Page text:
Psilocybin, the psychedelic component of magic mushrooms, can be an effective treatment for depression when augmented with supportive therapy.
Having fallen out of favor over 50 years ago, scientific research investigating the therapeutic potential of psychedelic drugs is in the midst of a captivating second wave.
“The psychedelic renaissance” has seen an explosion of research in recent years after a frustrating decades-long pause, and psychedelic compounds like psilocybin, the active ingredient in so-called “magic mushrooms,” LSD, and DMT are once again being treated with a level of respect that is justified by their healing potential.
One is tempted to bemoan the introduction of the Controlled Substances Act of 1970 which placed all classic psychedelics in schedule 1, putting an abrupt halt to psychedelic research and placing a stubborn barrier in the way of further scientific exploration.
Described as the “worst censorship of scientific research in history” by esteemed neuropsychopharmacologist and Imperial College London researcher Dr. David Nutt, the prolonged impact of prohibition has undoubtedly created a gap in our understanding of the therapeutic potential of psychedelic drugs.
Thankfully, a new generation of skilled psychedelic researchers are providing many reasons to be optimistic. Scientists at research institutions around the world have taken the reins with a keen eye to resurrecting the psychedelic science of the ‘50s and ‘60s.
Specifically, researchers are investigating the potential of psychedelic medicines to treat a variety of health conditions including end-of-life anxiety, depression, post-traumatic stress disorder, substance use disorders, and chronic pain.
This renewed interest in psychedelic medicine comes at a rather convenient time as traditional antidepressants, despite being helpful for some, continue to insufficiently address skyrocketing rates of anxiety, depression, and addiction, and the crushing despair that so often accompanies such afflictions.
A 2006 publication on the safety and enduring positive effects of a single dose of psilocybin is widely considered a watershed moment that catalyzed the revival of psychedelic research.
In this study, 67% of healthy participants rated their psilocybin experience to be either the single most meaningful experience of their entire lives or among the top five.
Johns Hopkins recently launched their very own first-of-its-kind Center for Psychedelic and Consciousness Research that focuses on the effects of psychedelics on brain functioning and mood in both healthy individuals and those affected by psychiatric disorders.
Psilocybin, which has been shown to reliably induce “mystical-type experiences” commonly characterized by profound alterations of consciousness and a profound sense of the unity or interconnectedness of living things, has since demonstrated therapeutic efficacy for the treatment of depression.
Psilocybin’s active metabolite psilocin binds to 5-HT2A serotonin receptors widely expressed in brain areas involved in learning and cognition that have been implicated in several psychiatric illnesses. Psilocin’s activation of this receptor elicits a psychedelic experience that appears to correlate with the disruption of self-defeating, ruminative thought patterns and firmly held, futile beliefs associated with depression.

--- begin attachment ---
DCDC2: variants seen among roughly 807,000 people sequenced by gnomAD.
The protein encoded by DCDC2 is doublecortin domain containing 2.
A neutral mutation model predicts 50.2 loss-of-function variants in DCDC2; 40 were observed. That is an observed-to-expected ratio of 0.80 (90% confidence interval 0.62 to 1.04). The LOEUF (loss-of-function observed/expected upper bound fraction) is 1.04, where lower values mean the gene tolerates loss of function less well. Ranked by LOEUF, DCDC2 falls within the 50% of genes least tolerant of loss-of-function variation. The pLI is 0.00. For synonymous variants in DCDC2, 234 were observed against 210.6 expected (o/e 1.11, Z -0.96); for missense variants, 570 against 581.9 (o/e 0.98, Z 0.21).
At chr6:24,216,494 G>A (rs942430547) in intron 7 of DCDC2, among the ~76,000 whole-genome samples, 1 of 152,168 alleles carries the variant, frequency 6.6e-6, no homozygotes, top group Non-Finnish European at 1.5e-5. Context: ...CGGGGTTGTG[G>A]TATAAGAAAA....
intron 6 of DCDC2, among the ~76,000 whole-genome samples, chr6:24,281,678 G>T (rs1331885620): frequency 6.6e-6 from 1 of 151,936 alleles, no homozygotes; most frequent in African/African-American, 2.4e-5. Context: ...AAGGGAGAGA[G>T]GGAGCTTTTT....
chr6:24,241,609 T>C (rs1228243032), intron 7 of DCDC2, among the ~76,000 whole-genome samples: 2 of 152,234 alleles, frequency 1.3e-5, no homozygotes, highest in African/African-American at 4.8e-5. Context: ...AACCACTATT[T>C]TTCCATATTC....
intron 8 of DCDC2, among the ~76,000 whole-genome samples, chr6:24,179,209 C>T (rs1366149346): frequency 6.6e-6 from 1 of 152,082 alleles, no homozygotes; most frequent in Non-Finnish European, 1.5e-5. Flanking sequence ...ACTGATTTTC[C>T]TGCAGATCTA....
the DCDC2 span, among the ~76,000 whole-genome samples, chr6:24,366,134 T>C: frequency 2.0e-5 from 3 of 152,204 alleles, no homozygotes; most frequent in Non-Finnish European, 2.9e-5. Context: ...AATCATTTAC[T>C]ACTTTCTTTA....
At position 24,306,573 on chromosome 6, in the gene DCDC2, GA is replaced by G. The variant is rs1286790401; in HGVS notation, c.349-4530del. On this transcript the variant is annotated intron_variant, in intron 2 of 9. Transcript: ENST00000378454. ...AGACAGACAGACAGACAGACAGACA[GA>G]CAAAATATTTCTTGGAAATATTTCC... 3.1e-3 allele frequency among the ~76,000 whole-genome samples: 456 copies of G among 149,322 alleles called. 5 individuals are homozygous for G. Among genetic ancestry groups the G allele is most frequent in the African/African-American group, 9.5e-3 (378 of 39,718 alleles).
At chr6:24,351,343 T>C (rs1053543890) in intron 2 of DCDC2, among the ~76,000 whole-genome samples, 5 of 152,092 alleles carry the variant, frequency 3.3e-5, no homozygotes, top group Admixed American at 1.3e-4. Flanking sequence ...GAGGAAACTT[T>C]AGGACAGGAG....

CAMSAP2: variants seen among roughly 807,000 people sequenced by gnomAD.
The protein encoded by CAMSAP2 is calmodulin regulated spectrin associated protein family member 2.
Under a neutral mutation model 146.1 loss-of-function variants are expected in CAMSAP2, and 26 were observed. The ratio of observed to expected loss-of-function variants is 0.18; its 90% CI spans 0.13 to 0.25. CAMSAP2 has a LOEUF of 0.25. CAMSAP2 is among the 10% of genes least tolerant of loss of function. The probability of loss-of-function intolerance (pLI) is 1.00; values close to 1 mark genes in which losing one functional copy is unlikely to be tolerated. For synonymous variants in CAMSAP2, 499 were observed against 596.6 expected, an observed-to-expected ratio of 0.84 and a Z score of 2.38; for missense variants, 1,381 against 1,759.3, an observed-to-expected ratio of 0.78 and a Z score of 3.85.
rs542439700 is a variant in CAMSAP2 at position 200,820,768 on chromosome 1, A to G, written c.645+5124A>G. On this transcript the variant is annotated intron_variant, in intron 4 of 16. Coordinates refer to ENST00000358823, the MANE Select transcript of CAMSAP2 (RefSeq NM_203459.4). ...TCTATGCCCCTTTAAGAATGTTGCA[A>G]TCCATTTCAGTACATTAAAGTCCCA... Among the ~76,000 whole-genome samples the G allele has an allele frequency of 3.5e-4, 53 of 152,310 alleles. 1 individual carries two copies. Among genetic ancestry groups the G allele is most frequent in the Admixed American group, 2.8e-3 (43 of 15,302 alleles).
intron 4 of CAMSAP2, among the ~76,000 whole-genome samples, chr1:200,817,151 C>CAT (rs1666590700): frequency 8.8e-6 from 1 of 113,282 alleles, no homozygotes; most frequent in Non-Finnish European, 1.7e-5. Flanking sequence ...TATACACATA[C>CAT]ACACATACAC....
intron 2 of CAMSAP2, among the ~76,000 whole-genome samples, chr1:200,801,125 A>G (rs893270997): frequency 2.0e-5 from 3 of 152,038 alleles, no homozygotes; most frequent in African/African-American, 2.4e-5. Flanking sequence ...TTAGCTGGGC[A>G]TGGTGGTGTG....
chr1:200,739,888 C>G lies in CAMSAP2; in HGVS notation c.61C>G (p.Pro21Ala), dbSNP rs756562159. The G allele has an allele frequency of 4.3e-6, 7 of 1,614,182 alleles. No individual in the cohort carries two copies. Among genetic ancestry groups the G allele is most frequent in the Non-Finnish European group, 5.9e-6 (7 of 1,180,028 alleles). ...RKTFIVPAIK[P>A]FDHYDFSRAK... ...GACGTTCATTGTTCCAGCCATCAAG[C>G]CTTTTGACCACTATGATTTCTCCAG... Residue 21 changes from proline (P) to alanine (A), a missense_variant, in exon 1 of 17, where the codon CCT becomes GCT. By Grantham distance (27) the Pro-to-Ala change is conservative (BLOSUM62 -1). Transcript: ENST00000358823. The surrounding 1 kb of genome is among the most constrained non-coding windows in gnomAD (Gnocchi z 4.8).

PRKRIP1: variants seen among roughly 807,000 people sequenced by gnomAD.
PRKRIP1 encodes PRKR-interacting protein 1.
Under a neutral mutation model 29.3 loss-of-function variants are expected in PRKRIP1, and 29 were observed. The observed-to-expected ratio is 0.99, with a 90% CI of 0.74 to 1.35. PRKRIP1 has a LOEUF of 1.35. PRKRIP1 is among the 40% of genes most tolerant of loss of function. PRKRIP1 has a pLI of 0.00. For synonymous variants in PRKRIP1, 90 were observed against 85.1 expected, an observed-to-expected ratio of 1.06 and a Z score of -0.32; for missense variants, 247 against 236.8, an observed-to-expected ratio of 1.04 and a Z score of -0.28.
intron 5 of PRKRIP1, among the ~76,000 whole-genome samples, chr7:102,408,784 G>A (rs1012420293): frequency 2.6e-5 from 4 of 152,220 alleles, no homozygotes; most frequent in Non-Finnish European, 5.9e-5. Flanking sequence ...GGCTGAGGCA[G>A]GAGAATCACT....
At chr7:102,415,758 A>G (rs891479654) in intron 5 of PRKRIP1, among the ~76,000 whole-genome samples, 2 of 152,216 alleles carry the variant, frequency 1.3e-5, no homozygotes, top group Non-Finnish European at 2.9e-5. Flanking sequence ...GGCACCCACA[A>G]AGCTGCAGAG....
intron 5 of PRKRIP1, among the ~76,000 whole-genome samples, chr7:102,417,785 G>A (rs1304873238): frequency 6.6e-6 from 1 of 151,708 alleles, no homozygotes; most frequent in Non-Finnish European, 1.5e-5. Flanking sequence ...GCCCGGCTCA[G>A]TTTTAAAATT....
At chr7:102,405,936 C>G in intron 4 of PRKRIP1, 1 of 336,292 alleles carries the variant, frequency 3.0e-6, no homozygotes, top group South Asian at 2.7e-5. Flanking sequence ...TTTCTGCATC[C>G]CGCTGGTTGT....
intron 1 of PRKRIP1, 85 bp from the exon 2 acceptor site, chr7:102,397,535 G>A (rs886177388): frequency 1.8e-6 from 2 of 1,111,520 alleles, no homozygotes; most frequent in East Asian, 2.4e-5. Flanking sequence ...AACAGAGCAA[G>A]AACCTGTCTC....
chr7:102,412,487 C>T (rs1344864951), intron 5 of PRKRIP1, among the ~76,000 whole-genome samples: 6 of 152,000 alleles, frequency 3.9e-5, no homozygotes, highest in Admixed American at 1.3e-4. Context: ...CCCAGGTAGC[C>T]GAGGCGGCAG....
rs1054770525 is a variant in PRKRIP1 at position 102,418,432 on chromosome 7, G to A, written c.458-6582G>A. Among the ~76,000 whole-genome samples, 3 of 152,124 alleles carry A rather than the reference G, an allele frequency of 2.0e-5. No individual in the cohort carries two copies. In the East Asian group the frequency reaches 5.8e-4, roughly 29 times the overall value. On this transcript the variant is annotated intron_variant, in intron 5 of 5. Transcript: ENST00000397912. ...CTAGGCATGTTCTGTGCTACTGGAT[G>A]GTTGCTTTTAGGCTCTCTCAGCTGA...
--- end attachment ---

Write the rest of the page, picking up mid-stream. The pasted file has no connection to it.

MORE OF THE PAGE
Since the publication of their landmark 2006 paper, Johns Hopkins scientists have continued to publish encouraging research, including a 2016 study demonstrating the efficacy of psilocybin-assisted psychotherapy to significantly reduce symptoms of depressed mood and anxiety and to enhance the quality of life in patients with a life-threatening cancer diagnosis.
This study extended earlier psilocybin research in which psilocybin was also shown to reduce symptoms of depression and anxiety related to end-stage cancer patients.
Also in 2016, psychedelic researchers across the pond at Imperial College London were investigating the feasibility of psilocybin-assisted therapy to treat a cohort of patients with treatment-resistant depression who, on average, had been depressed for 17.8 years. Their study reported reductions in depression that remained significant at 6 month follow-up, and, in so doing, provided preliminary support for the efficacy of psilocybin for treatment-resistant depression.
Imperial launched their own Psychedelic Research Center in 2019, and have since conducted landmark studies that could lay the foundations for a paradigm shift in mental health treatment.
In addition to reporting positive effects of psilocybin on depression and well-being in individuals diagnosed with an eating disorder, Imperial researchers conducted the first-ever double-blind, randomized, controlled trial comparing the therapeutic effects of psilocybin and escitalopram (Cipralex/Lexapro), an established antidepressant medication.
Although psilocybin outperformed escitalopram on the primary outcome measure, the QIDS-SR-16 depression scale, the difference between the two interventions was not statistically significant. However, psilocybin convincingly outperformed escitalopram in all secondary outcomes which included three alternative depression inventories, an emotional breakthrough inventory, and wellbeing scores, as well as reductions in suicidal ideation, anxiety, anhedonia, and sexual dysfunction.